Science, Technology, Linux, Earthquakes, Education, Geology, Nuclear. My retirement blog. I was a geophysics engineer with a big utility, doing earthquakes for Ontario.
How would the gardiner due in an earthquake and what do you feel is the largest earthquake we should expect in the Hamilton - Toronto corridor.
I expect the Gardner to do poorly, given it's constant state of non-repair, and (probably) shallow foundations on fill. They have very little room on the expansion joints, so I might expect a slab or two to let go.The Hamilton fault is self-similar to about 30 km, so I expect an M6. With amplification, I expect the soft areas to exceed the critical threshold of 50 cm/s PGV. Toronto and Burlington are on the hanging wall side of the fault, and, so, get the full hammer. This type of earthquake has about a 1 in 500 chance per year, the limit of the Building Code, and maybe the same hazard as Greek islands.
And another boo-boo! Self-similar to 30 km means an M7, which is too ugly to contemplate! An M6 will shut down all the power and gas, but it probably takes an M6.5 to drop slabs on the Gardner! Still, an M6.5 hovers at the 10-2 to 10-3 per year zone.
Very interesting.How would a wood framed house sitting on stiff clay in North Burlington stand up if an M7 quake were to strike along the Hamilton fault.
My general rule is that if it's a bitch to sink in a fence post, then you're mostly ok. Burlington is right at 'ground zero', so I would expect to lose the chimney, and everything from the shelves. The drywall would be ratshit, but there shouldn't be any collapse. Far worse are some of those tall houses built in the sag pond along the 403 into Hamilton. Yuck!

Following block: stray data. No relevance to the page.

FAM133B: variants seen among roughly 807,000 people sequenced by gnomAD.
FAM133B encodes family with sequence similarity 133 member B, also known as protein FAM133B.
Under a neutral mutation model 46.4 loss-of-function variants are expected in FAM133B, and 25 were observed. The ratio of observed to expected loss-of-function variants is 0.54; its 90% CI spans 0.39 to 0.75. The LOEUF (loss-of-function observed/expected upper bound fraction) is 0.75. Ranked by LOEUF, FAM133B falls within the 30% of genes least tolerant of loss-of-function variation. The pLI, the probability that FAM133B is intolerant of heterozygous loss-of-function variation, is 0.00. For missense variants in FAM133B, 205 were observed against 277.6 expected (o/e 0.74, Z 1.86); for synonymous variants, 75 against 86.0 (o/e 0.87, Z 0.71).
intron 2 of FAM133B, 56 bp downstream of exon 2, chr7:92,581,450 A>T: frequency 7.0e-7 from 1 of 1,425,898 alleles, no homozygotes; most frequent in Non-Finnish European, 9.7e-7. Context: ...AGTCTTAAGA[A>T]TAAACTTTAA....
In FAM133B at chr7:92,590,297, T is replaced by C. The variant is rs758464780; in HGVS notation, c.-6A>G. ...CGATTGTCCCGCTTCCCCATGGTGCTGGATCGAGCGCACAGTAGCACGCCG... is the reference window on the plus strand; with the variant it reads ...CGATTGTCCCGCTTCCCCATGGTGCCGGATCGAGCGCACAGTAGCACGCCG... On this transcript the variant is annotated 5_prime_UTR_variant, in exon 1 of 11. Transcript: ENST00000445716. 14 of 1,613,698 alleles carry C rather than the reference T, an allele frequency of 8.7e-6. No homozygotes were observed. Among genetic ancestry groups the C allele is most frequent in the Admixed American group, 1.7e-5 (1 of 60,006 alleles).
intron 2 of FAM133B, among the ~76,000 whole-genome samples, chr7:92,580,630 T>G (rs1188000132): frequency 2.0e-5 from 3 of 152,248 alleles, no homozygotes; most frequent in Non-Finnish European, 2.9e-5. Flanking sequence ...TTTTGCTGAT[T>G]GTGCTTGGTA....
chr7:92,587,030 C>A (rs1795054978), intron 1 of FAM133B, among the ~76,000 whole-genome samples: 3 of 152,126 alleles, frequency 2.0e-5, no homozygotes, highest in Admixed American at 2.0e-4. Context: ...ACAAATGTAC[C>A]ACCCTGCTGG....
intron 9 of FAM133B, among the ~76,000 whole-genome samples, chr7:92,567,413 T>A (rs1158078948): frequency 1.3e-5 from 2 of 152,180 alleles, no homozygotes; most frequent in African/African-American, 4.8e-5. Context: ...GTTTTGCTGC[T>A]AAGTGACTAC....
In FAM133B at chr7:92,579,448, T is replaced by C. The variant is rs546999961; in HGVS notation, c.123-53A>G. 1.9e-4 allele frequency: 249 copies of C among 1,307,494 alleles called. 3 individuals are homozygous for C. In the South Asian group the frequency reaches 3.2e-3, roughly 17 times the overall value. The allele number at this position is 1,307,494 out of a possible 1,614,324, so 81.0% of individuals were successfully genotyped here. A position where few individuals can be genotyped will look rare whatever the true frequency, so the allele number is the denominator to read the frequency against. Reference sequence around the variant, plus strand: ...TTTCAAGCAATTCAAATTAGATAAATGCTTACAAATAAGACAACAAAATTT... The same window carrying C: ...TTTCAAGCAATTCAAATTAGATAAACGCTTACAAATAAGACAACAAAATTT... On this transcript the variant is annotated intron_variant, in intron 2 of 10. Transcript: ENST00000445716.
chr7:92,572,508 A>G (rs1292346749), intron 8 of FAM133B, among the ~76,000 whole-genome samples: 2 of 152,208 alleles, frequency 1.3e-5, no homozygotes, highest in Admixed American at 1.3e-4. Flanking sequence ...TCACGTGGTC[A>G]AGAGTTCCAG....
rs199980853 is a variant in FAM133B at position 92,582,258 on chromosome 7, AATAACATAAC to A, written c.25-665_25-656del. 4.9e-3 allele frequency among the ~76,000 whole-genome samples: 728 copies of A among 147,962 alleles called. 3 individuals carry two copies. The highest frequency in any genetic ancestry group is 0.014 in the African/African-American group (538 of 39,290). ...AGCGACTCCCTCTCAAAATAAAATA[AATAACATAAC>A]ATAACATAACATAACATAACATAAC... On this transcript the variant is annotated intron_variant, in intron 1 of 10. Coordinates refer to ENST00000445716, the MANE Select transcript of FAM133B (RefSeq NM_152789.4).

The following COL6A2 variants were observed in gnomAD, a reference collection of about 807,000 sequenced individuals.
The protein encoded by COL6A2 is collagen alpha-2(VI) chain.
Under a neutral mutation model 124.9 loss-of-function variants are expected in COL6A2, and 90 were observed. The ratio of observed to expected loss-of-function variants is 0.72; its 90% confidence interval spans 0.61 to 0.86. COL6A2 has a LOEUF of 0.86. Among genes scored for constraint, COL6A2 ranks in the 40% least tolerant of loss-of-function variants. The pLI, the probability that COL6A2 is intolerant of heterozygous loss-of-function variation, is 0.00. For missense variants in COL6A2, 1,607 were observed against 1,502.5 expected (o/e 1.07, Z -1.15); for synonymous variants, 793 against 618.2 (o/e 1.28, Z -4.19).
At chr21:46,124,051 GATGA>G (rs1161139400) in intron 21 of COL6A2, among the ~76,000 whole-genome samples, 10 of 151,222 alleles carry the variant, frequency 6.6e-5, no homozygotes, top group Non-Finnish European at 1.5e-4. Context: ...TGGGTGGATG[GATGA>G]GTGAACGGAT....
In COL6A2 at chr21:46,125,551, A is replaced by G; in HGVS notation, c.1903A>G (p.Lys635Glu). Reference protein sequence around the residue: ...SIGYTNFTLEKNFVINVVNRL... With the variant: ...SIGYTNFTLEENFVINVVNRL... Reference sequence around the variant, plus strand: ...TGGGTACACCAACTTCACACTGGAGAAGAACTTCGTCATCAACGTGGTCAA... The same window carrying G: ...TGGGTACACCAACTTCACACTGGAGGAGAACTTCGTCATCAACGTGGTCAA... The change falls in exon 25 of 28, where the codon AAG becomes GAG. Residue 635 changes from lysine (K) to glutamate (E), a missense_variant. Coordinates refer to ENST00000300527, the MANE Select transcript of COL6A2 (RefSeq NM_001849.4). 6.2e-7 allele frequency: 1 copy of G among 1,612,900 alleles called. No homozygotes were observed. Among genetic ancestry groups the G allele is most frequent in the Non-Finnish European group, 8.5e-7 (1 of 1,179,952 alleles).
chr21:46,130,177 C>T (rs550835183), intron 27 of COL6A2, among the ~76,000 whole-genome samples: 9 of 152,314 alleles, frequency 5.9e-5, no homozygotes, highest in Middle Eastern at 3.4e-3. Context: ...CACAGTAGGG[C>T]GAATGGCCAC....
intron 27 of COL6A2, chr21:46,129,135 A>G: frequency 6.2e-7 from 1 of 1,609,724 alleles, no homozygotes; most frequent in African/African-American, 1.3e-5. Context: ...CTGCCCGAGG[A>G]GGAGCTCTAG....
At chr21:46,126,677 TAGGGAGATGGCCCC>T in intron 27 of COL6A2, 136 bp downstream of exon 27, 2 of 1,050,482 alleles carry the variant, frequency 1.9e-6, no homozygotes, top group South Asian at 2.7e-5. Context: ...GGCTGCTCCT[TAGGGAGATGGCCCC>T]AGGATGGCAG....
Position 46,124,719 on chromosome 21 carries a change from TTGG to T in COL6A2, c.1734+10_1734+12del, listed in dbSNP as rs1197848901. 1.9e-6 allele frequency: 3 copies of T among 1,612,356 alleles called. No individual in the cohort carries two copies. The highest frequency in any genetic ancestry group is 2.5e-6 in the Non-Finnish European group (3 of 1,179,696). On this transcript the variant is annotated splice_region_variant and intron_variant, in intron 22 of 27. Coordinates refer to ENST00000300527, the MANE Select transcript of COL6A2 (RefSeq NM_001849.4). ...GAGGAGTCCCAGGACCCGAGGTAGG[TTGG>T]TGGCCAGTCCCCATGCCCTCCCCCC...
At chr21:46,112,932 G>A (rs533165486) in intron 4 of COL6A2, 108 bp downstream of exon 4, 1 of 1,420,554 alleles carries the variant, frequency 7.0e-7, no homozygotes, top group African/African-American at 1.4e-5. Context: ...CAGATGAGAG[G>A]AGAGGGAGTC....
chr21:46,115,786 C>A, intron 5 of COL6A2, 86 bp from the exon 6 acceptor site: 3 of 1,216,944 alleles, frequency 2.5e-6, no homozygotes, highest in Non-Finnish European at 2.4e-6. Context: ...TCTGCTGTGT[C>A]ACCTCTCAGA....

This is a facinating subject. If you think we could be in for an M7 earthquake, why does most of the seismicity seem to be out in the lake rather than in Hamilton City limits and Dundas valley (none within Burlington)? The other thing I wonder about is why we only see shallow depth earthquakes and nothing recorded over M4 in Hamilton. In my discussions with a professor at UWO running the SOSN, he expects maybe an M5 in the lake but stated the chances of getting hit on the head by a meteorite were greater than us getting an M7 earthquake. Do you really think an M7 is possible? Looks like I should investigate earthquake insurance.Not arguing, just really curious. I am certainly not a geoscientist, just a civil engineer with an interest in this area.I really appreciate your quick responses!
The uncertainties are huge! It's highly expected we should get an M5, since 2 have happened over in the sister zone of Cleveland. So the odds are about 1 in 100, perhaps. For an M6, maybe 1 in 1000, and M7 1 in 10,000. But I think there is a lot of slop in the numbers, and I think an M6.5 should be the scenario-planning earthquake.There is also the largest size earthquake where fractal self-similarity breaks down. Many places are just fractured blocks with maximum blocks just a few km's. You won't see anything more than an M6! That's why I think earthquakes out in the lake are limited to M5 or so.The Hamilton fault is smooth to 30 km, and I think it could produce something much greater than expected. A smooth fault in the midst of fractured rock does not act in a rational manner. It can produce characteristic large earthquakes.Don't bother with earthquake insurance. Make sure your chimney is in good repair, or take it down, if that doesn't make things too ugly!You can read more about Hamilton in earlier posts.
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